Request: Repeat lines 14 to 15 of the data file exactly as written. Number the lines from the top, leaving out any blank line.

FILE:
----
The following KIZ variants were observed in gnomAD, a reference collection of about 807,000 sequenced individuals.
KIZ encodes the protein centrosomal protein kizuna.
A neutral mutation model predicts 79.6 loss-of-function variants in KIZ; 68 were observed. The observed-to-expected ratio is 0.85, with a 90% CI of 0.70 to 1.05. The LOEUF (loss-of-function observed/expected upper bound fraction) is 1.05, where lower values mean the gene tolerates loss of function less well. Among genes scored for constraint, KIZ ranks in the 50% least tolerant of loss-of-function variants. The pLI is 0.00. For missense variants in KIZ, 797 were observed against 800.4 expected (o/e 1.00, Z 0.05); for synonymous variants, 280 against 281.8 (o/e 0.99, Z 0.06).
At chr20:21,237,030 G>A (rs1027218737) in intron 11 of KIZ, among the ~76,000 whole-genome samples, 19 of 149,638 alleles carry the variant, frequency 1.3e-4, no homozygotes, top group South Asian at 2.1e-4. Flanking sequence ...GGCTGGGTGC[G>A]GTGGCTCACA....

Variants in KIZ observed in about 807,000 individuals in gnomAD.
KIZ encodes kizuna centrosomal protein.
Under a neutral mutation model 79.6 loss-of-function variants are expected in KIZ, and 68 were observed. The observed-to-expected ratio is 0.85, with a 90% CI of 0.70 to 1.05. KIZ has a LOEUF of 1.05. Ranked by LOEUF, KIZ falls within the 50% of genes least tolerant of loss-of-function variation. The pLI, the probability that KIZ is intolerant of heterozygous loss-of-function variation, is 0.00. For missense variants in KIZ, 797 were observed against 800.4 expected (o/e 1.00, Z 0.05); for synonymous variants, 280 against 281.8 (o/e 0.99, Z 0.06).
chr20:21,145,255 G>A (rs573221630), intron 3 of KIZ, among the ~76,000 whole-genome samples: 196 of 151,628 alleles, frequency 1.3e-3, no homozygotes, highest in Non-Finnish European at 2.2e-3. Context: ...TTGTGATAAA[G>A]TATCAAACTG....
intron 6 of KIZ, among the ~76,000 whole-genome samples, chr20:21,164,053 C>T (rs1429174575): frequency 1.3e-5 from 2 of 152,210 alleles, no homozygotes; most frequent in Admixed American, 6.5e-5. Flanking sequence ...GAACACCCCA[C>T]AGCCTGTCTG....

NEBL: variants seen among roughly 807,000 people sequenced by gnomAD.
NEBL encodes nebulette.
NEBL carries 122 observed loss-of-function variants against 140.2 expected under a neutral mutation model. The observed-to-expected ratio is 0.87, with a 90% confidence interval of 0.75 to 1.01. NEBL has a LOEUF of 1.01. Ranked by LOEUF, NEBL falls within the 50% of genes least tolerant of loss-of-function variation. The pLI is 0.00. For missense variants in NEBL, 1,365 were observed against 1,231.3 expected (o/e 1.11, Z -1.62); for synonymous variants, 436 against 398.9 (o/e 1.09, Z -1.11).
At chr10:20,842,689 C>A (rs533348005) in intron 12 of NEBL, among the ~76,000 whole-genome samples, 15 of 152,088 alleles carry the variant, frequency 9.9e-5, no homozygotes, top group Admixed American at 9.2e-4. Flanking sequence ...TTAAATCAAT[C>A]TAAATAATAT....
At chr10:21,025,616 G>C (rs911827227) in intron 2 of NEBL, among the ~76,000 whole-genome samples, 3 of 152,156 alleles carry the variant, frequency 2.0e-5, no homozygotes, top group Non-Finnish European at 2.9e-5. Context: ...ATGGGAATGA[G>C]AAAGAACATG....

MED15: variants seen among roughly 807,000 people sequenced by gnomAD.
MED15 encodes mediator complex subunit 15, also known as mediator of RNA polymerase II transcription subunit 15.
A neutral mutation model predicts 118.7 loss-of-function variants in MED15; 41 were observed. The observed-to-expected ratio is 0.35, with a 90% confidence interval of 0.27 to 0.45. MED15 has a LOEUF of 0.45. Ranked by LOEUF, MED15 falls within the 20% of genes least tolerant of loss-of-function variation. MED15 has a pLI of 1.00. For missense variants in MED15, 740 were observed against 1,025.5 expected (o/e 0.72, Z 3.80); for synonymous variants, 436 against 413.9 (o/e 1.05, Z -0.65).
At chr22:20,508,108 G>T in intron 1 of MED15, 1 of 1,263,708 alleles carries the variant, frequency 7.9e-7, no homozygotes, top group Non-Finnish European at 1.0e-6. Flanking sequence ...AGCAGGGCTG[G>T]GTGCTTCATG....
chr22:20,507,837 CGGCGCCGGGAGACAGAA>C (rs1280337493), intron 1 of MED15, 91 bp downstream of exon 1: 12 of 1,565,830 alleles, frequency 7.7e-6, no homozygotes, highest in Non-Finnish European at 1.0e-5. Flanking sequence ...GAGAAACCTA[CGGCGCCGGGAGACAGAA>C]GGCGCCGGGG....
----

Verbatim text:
At chr10:21,025,616 G>C (rs911827227) in intron 2 of NEBL, among the ~76,000 whole-genome samples, 3 of 152,156 alleles carry the variant, frequency 2.0e-5, no homozygotes, top group Non-Finnish European at 2.9e-5. Context: ...ATGGGAATGA[G>C]AAAGAACATG....

MED15: variants seen among roughly 807,000 people sequenced by gnomAD.